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Electric Vehicle Video Wins Students $25,000 Scholarship

Henry Maclean '17, accepts a $25,000 scholarship from NRG EVgo on behalf of himself and his two filmmaker partners. Left to right, Jeremy Desel MA '94, NRG EVgo director of communications; Video and Media Arts Department Chair Brooke Knight; Marketing Communication faculty Doug Quintal, who advised students for the competiton; Maclean; and VMA faculty Bob Nesson, whose class participated in the contest. Photo/Victoria Bilcik '17

Henry Maclean ’17 accepted a $25,000 scholarship on behalf of himself and two fellow filmmakers on March 1 for winning the Emerson rEVolution contest with their 32-second video about electric vehicles, “Power to Be Free.”

“I’m ecstatic,” Maclean said as he sent photos of the 5-foot-long faux check to Roger JC Lee ’16 and Cooper Vacheron ’16, who are studying in Los Angeles this semester. “I’m actually going to Los Angeles to see my two teammates over spring break, so I can’t wait to see them in person to be able to celebrate.”

The scholarship contest was held and funded by NRG EVgo, a Houston-based electric charging solutions company that looked to use the submissions to raise awareness of the global movement toward electric vehicles (EV). Contestants, all Emerson students, submitted 30- to 60-second videos showcasing the benefits of EVs, which were viewed by a panel of judges from EVgo and Emerson College that chose the top ten. Nearly 5,000 people voted to choose the winner from the judges’ selections.

Jeremy Desel, MA ’94, EVgo director of communications, announced the winners at a ceremony held in the Little Building’s Beard Room on March 1. He was introduced by Visual and Media Arts Department Chair Brooke Knight and VMA faculty Bob Nesson, whose Fall 2015 class, Topics in Visual and Media Arts Practice: Video Shorts Competition, comprised the teams that submitted to the contest.

During the ceremony, Desel said that media makers such as Emerson students are a key part of instituting change to move toward more environmentally friendly modes of transportation.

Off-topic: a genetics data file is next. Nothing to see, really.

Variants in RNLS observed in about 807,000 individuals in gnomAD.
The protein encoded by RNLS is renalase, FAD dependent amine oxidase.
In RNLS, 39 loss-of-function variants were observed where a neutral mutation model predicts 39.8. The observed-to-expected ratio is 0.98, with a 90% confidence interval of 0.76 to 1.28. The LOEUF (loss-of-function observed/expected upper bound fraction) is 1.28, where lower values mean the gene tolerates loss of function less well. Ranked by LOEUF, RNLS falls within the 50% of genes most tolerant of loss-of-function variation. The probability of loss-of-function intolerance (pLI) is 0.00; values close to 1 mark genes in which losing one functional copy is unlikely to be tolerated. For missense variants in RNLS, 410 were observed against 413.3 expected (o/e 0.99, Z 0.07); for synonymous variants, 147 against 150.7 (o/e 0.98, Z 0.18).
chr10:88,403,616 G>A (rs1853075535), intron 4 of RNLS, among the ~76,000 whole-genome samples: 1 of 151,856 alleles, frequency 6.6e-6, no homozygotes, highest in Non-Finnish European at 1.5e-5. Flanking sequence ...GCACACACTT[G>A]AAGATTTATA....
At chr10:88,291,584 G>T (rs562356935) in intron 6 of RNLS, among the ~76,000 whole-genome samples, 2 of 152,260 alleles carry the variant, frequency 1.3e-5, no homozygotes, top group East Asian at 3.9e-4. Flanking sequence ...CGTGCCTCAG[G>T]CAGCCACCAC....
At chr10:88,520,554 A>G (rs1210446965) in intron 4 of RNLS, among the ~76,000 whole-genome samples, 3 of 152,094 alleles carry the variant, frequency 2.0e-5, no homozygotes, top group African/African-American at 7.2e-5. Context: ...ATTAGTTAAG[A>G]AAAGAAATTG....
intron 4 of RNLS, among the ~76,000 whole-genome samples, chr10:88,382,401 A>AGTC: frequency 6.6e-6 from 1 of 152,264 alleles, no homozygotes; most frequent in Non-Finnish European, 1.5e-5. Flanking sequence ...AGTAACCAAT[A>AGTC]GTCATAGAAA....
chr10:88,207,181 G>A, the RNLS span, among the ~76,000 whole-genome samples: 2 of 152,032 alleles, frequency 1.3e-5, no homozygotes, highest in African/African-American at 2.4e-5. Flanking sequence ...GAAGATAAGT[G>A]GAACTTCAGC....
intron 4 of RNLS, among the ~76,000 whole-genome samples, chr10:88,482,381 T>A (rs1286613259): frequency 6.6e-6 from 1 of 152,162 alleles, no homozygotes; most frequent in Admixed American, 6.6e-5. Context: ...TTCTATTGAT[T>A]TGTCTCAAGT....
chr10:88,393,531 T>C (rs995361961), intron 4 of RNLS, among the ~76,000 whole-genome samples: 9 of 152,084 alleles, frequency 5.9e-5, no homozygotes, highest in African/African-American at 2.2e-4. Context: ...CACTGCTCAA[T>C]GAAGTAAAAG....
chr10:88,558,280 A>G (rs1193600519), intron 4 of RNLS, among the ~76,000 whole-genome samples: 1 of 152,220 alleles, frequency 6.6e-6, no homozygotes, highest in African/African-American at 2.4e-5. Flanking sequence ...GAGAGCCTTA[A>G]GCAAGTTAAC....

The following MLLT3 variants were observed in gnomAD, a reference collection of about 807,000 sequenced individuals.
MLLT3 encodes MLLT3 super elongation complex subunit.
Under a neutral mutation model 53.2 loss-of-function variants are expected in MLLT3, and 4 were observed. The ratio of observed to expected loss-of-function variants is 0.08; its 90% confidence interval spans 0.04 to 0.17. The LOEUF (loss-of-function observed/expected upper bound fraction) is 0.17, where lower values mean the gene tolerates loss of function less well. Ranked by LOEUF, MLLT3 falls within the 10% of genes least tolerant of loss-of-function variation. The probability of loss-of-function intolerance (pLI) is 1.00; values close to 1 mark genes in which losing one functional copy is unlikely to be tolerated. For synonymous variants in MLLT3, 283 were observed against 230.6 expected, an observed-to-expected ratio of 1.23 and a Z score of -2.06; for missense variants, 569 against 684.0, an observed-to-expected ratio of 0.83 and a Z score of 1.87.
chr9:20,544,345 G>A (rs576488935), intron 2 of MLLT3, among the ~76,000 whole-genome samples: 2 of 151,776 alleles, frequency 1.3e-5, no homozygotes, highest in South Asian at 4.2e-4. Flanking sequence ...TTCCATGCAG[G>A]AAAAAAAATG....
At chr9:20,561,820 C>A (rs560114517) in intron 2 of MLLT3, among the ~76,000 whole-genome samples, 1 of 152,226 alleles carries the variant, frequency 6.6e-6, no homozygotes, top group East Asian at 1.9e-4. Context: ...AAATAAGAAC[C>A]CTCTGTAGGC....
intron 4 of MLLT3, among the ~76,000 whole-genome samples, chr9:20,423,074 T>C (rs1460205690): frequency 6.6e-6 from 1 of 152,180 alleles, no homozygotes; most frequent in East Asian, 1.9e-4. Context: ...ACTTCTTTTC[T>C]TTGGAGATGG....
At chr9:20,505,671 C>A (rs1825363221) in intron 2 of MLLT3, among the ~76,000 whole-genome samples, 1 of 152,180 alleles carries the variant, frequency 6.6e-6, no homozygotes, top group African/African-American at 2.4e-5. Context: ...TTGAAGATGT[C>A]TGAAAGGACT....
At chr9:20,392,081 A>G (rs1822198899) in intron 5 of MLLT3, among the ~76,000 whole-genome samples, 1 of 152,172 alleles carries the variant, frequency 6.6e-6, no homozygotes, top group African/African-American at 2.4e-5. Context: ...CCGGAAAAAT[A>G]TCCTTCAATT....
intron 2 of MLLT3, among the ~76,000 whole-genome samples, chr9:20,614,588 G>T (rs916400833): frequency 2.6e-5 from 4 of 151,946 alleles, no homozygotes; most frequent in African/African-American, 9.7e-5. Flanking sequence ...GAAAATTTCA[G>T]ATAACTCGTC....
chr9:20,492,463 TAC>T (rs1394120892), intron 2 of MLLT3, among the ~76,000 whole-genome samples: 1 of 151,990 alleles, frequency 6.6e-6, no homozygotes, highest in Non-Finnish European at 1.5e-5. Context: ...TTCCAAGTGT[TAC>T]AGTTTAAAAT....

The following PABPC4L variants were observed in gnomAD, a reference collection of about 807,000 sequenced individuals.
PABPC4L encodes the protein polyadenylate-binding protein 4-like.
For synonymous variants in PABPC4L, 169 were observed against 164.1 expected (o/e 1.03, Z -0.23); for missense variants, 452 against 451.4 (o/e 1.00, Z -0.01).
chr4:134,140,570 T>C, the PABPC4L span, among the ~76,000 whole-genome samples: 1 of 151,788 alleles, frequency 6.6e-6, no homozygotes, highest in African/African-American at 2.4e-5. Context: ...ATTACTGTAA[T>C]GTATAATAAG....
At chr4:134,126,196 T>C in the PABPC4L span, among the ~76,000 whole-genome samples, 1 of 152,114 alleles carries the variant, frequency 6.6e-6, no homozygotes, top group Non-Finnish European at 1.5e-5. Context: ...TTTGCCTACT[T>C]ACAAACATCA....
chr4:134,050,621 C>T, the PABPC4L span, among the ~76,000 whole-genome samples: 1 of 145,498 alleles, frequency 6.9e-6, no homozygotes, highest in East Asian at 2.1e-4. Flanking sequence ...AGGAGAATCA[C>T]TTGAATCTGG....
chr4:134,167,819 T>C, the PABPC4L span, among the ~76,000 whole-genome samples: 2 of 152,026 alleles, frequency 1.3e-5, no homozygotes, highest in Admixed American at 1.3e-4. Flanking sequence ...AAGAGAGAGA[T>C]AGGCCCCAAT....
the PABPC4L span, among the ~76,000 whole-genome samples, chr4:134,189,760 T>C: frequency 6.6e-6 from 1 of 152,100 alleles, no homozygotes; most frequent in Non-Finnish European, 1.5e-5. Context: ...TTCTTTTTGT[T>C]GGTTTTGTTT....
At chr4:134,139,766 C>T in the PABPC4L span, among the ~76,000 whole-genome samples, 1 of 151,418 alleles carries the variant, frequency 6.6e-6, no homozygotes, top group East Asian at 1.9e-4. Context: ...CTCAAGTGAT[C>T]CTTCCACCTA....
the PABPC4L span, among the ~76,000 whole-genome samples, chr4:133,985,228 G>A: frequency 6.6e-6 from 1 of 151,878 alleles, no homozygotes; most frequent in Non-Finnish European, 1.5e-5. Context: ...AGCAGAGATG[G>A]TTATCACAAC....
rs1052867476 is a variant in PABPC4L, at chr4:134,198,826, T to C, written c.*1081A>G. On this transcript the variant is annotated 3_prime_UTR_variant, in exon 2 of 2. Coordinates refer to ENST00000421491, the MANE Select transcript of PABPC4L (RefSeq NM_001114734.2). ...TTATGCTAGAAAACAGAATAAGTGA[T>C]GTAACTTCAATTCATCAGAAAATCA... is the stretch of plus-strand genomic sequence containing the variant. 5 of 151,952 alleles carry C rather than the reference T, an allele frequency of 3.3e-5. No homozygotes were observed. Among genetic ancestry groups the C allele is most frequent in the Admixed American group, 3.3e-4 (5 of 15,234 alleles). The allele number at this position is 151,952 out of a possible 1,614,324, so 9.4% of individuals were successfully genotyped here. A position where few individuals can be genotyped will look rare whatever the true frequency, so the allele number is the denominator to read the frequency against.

“The control is in the hands of those who can make the product, and that product should be accessible, it should be easy to digest, and it should be simple to consume,” he said during his presentation. “You can do a lot in a minute and ten seconds. You can make a masterpiece in thirty [seconds] if you know what you want to do, if you learn about the story you want to tell, and you just tell it.”

The contest was held at Emerson because of its “creative reputation,” and the Emerson alumni associated with the company. One of the main connections between NRG and the College was Allison Gillette ’12, a former employee of NRG. Knight said Gillette is a passionate environmentalist and felt strongly that the money from the contest should go directly to students.

“Power to Be Free” included a recurring image of a battery charging as a montage of video clips showed college students riding bikes, making music, dancing, taking photos, and finally, charging an electric vehicle. By the end, the battery is fully charged and powers an animated car, which drives away to reveal the tagline “The power to be free.”

“We knew that we wanted to make a fast-paced video, we knew that we wanted to feature our friends, and we wanted it to be a primarily young audience,” said Maclean. “Through workshopping and through the awesome class that we did with Bob Nesson, we were able to come up with the idea of a charging battery that would appear throughout the video, and we ran with it.”

EVgo Network has since shared the video on its Facebook page.

“The winning video is absolutely of the quality level of any professionally produced, corporate-level video,” Desel said in an interview after the event. “The fact that it was something that was generated completely by students…makes it that much greater.”